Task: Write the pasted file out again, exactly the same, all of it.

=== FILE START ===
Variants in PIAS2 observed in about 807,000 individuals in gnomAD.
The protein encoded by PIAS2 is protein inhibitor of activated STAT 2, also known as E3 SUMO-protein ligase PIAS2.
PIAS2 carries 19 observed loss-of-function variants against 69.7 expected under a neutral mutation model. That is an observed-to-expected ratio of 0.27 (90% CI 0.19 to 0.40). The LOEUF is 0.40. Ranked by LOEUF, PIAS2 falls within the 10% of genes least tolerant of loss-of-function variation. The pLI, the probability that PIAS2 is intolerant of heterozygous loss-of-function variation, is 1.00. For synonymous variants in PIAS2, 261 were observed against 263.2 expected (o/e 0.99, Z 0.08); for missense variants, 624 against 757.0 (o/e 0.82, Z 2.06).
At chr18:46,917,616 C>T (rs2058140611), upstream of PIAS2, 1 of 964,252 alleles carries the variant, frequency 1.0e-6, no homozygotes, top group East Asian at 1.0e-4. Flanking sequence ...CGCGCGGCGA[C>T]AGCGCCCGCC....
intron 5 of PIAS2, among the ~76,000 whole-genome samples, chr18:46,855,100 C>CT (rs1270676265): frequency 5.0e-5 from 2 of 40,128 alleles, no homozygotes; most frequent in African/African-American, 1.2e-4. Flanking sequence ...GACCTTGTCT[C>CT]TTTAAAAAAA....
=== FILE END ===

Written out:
Variants in PIAS2 observed in about 807,000 individuals in gnomAD.
The protein encoded by PIAS2 is protein inhibitor of activated STAT 2, also known as E3 SUMO-protein ligase PIAS2.
PIAS2 carries 19 observed loss-of-function variants against 69.7 expected under a neutral mutation model. That is an observed-to-expected ratio of 0.27 (90% CI 0.19 to 0.40). The LOEUF is 0.40. Ranked by LOEUF, PIAS2 falls within the 10% of genes least tolerant of loss-of-function variation. The pLI, the probability that PIAS2 is intolerant of heterozygous loss-of-function variation, is 1.00. For synonymous variants in PIAS2, 261 were observed against 263.2 expected (o/e 0.99, Z 0.08); for missense variants, 624 against 757.0 (o/e 0.82, Z 2.06).
At chr18:46,917,616 C>T (rs2058140611), upstream of PIAS2, 1 of 964,252 alleles carries the variant, frequency 1.0e-6, no homozygotes, top group East Asian at 1.0e-4. Flanking sequence ...CGCGCGGCGA[C>T]AGCGCCCGCC....
intron 5 of PIAS2, among the ~76,000 whole-genome samples, chr18:46,855,100 C>CT (rs1270676265): frequency 5.0e-5 from 2 of 40,128 alleles, no homozygotes; most frequent in African/African-American, 1.2e-4. Flanking sequence ...GACCTTGTCT[C>CT]TTTAAAAAAA....